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How to End a Conversation -- Without Offending Anyone Around You

Here are a handful of efficient exit lines
By Ivan Misner |

How to End a Conversation -- Without Offending Anyone Around You

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As the Founder of BNI, one of the world’s largest referral networking organization, I often get asked about the best way to end a conversation in a networking situation. Candidly, I think the answer is pretty simple. So, I’ll start this piece with the “simple solution.” From there, for those of you who love to over-think things, I’ll give you some other options.


1. Simply say something like, “It was really nice meeting you. Do you have a card so I can have your contact information. Thanks.” That’s it. No fuss. No muss. No big deal. Don’t apologize because you have to go network and definitely don’t’ say you see someone else you need to talk to. Simply thank them and move on.


2. Frame what you liked about the conversation or recap part of the conversation that you found most interesting and then -- see #1 above.


3. If they say something that makes you think of someone else they should meet -- tell them and promised to make the introduction.  If the other person is there at the event, make the introduction on the spot.  Being a “connector” at a networking event is always a good thing.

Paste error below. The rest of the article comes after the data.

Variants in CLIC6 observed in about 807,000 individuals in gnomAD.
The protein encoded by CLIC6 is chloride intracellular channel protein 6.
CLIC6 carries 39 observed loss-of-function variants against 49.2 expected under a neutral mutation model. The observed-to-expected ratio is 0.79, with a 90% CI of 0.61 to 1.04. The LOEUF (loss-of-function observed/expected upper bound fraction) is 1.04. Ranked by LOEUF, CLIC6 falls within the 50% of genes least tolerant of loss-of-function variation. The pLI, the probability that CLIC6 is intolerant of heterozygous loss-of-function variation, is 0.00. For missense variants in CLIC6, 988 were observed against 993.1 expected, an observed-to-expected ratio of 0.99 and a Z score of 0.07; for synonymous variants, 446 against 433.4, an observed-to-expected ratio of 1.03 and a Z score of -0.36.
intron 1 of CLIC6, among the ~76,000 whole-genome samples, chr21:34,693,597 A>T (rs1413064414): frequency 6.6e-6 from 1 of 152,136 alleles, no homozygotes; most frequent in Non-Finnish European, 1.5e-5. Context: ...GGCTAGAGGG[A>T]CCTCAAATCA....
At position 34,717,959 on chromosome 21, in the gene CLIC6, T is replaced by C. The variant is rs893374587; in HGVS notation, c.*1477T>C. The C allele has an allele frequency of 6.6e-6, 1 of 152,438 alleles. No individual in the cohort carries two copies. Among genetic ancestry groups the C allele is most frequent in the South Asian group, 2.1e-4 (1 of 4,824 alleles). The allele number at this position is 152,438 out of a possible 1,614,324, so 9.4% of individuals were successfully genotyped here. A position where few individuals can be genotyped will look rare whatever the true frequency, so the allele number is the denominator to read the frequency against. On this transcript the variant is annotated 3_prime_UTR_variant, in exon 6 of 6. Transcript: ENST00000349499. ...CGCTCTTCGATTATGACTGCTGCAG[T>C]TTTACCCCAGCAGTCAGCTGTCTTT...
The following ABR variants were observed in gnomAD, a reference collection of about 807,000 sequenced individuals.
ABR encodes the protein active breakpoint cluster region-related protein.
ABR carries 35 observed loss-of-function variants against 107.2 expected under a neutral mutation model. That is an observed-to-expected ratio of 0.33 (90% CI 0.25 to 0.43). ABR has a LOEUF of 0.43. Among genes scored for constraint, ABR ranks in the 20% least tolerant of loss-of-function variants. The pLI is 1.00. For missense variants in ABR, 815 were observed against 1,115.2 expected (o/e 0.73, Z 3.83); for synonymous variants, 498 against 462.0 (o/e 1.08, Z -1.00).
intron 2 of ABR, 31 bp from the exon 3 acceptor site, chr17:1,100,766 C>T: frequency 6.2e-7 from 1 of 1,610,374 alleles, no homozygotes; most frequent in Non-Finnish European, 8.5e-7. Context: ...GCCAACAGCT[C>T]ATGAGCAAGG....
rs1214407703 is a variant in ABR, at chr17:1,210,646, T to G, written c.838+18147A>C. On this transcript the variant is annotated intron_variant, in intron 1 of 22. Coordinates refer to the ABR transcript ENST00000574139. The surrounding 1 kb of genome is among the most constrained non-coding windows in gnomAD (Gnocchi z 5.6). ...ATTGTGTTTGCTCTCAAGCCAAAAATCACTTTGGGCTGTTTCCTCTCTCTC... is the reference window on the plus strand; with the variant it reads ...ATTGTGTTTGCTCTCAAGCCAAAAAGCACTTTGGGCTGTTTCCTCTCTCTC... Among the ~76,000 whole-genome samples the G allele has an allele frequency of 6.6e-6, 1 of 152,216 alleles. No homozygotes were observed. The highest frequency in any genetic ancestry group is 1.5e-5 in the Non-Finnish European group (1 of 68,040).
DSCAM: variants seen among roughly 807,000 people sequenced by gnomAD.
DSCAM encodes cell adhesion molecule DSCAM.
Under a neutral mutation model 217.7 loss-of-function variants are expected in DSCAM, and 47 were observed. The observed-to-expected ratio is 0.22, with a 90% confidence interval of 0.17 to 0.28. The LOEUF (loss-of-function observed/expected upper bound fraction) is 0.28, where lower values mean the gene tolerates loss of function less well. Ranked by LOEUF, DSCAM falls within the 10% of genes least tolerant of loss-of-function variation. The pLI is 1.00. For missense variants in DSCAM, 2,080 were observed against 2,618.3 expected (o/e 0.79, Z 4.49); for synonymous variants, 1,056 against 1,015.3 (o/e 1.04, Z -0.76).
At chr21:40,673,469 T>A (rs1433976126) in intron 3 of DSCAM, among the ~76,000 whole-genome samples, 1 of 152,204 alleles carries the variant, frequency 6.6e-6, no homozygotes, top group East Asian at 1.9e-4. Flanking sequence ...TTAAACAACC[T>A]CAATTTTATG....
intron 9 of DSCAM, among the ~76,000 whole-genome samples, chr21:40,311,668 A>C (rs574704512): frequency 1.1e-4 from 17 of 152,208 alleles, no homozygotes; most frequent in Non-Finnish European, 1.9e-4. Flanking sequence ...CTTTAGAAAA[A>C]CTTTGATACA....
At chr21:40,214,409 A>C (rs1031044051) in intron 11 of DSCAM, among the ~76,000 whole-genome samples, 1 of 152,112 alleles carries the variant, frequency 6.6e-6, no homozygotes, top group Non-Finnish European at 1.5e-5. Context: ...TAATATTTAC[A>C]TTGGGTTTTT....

4. Invite them to participate with you in another networking meeting you go to regularly. They may want to get out and meet more people. This is a great chance to connect them to another network of individuals and it gives you a chance to meet them again.



For those of you who want more -- I’ve read all kinds of “exit lines” and unless they are absolutely true -- I don’t recommend most of them. Keep it simple and keep it honest. OK, you want to know what some of those other lines are -- here you go:



- I’ve got to get home by "X" o’clock to have dinner with the family


- It’s been nice meeting you, I need to run to the restroom


- I’ve got a deadline on a project and I need to take off



Anything like the above is fine but don’t fib. If you really have to do something tell them. Otherwise, simply doing what I say in #1 above is perfectly fine, as well.


Whatever you do, don’t “Seinfeld it.” One of the really funny things on the old TV series Seinfeld was how the characters would go off on some crazy, complicated subterfuge or ruse and end up getting in more trouble than if they had just been candid to start with. Be polite, but be honest and direct. “Seinfeld-ing it” almost always fails and both you and the other person end up uncomfortable.


Remember: Don’t overthink it. Be polite and friendly. Don’t make excuses and politely move on. The real key is how you follow up -- a subject that deserves a whole other article. 






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This article originally appeared on Minor edits have been done by the editors.

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